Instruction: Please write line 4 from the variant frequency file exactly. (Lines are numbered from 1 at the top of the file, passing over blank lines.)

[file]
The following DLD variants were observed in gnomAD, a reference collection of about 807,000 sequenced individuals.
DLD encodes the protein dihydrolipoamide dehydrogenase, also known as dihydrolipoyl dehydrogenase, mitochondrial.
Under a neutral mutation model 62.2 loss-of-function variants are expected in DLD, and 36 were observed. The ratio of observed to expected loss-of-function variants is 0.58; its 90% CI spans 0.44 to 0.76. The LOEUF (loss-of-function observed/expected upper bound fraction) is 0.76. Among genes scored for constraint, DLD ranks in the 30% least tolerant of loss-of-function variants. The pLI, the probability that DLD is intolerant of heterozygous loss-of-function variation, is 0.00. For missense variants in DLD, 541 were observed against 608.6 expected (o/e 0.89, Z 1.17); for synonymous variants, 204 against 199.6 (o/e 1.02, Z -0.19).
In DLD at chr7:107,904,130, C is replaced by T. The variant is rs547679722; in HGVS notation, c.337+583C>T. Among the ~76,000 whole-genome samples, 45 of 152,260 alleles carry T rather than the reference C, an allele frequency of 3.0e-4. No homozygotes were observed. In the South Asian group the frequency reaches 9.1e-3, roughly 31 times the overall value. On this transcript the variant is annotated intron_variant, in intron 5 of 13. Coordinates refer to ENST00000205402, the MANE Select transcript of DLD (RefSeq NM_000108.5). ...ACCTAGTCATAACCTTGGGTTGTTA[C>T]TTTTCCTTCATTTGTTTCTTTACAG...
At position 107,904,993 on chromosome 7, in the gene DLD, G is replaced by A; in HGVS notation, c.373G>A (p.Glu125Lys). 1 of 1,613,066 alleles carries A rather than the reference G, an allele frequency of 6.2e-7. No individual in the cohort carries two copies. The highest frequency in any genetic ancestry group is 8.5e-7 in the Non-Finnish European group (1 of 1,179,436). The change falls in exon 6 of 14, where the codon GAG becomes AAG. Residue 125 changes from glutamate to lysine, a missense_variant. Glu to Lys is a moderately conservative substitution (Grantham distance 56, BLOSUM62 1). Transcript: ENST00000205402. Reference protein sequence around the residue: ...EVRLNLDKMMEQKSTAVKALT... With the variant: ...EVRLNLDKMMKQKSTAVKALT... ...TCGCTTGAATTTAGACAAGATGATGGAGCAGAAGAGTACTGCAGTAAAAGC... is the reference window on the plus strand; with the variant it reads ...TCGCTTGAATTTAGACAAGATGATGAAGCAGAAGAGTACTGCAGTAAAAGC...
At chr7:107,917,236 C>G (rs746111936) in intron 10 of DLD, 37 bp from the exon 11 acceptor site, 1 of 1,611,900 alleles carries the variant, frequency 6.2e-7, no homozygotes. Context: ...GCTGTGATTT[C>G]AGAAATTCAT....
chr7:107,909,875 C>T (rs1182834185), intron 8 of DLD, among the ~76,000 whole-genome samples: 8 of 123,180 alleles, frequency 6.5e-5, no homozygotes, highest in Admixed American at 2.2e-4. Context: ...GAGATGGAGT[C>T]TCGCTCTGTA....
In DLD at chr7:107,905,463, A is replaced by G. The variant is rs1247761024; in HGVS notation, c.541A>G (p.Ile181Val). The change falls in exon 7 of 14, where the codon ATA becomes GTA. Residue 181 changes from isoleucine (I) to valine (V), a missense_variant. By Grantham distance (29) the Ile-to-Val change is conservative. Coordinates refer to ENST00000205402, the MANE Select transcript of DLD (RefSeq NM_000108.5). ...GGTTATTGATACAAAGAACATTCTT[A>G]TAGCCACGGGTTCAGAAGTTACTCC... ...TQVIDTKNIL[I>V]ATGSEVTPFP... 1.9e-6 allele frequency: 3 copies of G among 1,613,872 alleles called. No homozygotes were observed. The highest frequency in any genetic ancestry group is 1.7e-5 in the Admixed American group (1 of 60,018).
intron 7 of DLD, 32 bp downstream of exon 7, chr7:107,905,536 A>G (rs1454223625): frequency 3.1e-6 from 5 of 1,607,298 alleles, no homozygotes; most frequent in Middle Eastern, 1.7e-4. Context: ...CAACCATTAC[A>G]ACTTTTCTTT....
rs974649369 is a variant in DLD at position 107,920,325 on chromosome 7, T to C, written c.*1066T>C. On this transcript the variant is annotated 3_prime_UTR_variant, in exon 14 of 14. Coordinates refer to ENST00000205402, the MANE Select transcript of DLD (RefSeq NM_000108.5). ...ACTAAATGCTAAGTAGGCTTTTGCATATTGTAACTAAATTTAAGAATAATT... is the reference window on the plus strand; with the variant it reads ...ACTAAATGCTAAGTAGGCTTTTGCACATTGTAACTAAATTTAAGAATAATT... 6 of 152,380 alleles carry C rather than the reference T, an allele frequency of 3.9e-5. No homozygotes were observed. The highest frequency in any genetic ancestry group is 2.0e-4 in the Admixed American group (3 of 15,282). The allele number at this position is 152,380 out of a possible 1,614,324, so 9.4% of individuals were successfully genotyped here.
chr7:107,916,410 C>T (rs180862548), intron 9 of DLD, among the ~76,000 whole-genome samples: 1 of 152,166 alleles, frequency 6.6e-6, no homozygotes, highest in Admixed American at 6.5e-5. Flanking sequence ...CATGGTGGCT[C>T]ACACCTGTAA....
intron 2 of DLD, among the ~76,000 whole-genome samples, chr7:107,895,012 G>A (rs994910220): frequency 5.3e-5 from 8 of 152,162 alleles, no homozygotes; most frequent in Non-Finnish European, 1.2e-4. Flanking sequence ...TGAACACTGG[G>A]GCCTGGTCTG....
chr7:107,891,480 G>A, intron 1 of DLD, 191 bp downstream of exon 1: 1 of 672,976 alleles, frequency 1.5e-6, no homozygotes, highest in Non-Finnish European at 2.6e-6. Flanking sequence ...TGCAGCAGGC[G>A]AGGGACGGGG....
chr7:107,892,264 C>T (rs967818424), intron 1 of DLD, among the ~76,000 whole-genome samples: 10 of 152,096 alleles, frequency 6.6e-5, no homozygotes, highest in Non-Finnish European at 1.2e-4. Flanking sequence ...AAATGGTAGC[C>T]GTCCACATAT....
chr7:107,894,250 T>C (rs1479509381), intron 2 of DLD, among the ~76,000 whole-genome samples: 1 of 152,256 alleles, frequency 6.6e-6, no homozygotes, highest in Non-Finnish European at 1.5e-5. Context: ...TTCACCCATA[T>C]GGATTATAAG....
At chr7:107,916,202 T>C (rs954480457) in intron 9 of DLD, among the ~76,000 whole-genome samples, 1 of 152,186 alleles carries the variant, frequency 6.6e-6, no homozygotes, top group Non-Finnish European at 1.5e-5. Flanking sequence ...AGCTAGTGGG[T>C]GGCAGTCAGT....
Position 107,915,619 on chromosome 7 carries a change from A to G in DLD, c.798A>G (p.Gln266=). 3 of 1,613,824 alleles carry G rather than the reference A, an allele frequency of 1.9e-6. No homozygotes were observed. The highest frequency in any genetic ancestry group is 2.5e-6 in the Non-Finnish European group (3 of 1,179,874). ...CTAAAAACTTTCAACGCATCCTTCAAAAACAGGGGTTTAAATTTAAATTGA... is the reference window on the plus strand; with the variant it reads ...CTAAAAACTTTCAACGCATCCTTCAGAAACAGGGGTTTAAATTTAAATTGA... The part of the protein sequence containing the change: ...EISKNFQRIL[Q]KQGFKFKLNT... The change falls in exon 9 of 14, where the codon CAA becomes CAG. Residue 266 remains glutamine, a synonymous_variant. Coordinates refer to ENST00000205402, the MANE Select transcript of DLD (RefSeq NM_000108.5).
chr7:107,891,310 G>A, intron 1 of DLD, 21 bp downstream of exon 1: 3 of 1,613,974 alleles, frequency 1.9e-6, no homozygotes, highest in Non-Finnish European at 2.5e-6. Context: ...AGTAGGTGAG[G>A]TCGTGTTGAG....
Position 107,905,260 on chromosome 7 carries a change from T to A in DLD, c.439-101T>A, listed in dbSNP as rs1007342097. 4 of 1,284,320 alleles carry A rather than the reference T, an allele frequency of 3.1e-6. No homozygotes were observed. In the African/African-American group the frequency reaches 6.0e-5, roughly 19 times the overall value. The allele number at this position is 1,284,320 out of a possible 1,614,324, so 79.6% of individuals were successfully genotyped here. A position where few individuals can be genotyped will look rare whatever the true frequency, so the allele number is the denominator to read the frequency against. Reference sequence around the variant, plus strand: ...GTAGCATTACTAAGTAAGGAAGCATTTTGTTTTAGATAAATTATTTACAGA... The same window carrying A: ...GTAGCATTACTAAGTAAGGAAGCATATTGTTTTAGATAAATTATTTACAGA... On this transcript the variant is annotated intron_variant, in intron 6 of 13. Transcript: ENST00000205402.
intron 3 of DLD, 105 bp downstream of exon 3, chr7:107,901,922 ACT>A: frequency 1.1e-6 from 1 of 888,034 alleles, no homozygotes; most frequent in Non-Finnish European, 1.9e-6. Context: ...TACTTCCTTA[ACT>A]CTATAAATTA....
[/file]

In DLD at chr7:107,904,130, C is replaced by T. The variant is rs547679722; in HGVS notation, c.337+583C>T. Among the ~76,000 whole-genome samples, 45 of 152,260 alleles carry T rather than the reference C, an allele frequency of 3.0e-4. No homozygotes were observed. In the South Asian group the frequency reaches 9.1e-3, roughly 31 times the overall value. On this transcript the variant is annotated intron_variant, in intron 5 of 13. Coordinates refer to ENST00000205402, the MANE Select transcript of DLD (RefSeq NM_000108.5). ...ACCTAGTCATAACCTTGGGTTGTTA[C>T]TTTTCCTTCATTTGTTTCTTTACAG...